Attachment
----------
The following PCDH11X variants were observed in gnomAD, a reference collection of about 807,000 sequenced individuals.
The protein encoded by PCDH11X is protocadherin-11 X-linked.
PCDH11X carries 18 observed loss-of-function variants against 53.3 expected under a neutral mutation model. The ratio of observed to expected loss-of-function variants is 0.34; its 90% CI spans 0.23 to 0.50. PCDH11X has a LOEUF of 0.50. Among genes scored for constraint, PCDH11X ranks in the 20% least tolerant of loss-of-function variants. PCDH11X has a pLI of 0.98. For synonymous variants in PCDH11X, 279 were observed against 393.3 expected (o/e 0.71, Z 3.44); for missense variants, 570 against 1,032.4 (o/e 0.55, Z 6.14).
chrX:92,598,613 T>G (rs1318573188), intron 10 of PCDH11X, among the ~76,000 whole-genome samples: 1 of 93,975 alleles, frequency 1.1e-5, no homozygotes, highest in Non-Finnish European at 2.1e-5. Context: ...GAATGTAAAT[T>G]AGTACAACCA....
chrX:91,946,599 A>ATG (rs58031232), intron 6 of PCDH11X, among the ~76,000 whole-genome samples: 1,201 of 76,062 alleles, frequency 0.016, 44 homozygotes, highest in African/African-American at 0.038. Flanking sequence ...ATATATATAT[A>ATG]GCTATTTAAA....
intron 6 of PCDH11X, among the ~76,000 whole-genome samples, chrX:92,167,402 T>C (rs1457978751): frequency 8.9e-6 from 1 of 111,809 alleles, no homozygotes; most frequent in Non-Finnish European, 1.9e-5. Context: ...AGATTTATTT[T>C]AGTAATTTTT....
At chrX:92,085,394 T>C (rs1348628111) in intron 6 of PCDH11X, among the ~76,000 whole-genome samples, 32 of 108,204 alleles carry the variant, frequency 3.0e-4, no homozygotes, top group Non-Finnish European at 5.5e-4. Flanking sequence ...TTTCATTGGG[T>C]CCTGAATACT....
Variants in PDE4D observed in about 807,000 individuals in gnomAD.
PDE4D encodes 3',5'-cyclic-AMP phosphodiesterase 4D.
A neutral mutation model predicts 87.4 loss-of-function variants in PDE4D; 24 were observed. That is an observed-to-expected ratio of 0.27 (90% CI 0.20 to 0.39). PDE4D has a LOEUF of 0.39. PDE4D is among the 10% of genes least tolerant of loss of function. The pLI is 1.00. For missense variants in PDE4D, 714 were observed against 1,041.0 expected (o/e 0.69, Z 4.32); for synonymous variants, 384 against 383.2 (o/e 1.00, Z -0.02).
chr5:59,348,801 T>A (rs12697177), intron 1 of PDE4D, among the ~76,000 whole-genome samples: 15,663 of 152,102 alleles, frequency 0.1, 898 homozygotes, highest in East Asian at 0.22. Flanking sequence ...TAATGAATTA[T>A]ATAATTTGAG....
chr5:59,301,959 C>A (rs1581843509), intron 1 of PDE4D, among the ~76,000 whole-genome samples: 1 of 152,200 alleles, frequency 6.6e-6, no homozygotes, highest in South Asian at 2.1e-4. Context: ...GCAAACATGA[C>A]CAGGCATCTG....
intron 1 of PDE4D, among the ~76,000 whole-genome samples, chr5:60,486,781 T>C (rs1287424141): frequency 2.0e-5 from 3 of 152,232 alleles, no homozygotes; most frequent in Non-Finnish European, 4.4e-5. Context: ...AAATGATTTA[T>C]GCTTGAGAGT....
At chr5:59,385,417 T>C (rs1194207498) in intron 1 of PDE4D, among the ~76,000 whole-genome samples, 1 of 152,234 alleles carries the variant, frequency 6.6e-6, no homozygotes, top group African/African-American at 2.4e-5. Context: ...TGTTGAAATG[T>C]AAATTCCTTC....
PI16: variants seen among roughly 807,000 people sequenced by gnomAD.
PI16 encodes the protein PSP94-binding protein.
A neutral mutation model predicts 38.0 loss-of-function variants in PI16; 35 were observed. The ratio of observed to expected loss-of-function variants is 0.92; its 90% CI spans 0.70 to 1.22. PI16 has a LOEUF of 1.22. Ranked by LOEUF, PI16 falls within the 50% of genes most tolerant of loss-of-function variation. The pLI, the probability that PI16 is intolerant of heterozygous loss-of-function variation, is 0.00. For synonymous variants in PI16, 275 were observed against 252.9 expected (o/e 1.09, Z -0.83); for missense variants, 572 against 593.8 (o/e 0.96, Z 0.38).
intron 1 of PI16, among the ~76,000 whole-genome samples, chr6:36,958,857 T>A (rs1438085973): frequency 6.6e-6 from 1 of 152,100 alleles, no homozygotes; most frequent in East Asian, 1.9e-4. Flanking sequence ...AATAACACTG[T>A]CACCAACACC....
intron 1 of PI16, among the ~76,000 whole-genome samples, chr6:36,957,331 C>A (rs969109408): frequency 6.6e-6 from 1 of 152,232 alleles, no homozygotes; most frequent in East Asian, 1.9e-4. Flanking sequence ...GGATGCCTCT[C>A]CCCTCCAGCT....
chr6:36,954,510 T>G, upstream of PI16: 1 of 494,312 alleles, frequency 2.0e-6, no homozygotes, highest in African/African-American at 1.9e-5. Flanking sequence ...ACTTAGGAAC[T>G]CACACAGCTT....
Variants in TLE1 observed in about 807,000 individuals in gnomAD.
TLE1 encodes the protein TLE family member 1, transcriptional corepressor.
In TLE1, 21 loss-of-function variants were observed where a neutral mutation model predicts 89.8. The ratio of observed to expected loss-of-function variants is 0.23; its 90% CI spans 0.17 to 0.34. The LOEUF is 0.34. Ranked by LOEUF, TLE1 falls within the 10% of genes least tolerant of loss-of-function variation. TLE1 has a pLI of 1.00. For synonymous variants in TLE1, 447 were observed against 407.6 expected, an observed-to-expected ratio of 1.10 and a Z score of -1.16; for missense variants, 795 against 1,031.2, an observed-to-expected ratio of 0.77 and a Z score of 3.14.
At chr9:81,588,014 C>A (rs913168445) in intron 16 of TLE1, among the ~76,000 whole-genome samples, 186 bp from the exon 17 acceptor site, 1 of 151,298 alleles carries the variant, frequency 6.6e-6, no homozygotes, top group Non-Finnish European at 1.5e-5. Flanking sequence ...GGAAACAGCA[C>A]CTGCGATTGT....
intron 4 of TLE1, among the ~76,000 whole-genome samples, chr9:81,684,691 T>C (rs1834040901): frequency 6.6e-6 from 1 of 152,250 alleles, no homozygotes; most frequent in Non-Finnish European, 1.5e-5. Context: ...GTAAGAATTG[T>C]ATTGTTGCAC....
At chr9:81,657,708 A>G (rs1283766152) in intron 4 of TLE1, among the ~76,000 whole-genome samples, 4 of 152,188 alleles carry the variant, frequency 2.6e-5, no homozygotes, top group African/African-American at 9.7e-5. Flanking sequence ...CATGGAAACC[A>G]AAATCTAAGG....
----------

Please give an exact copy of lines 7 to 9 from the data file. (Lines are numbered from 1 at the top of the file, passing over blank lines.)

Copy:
At chrX:92,085,394 T>C (rs1348628111) in intron 6 of PCDH11X, among the ~76,000 whole-genome samples, 32 of 108,204 alleles carry the variant, frequency 3.0e-4, no homozygotes, top group Non-Finnish European at 5.5e-4. Flanking sequence ...TTTCATTGGG[T>C]CCTGAATACT....
Variants in PDE4D observed in about 807,000 individuals in gnomAD.
PDE4D encodes 3',5'-cyclic-AMP phosphodiesterase 4D.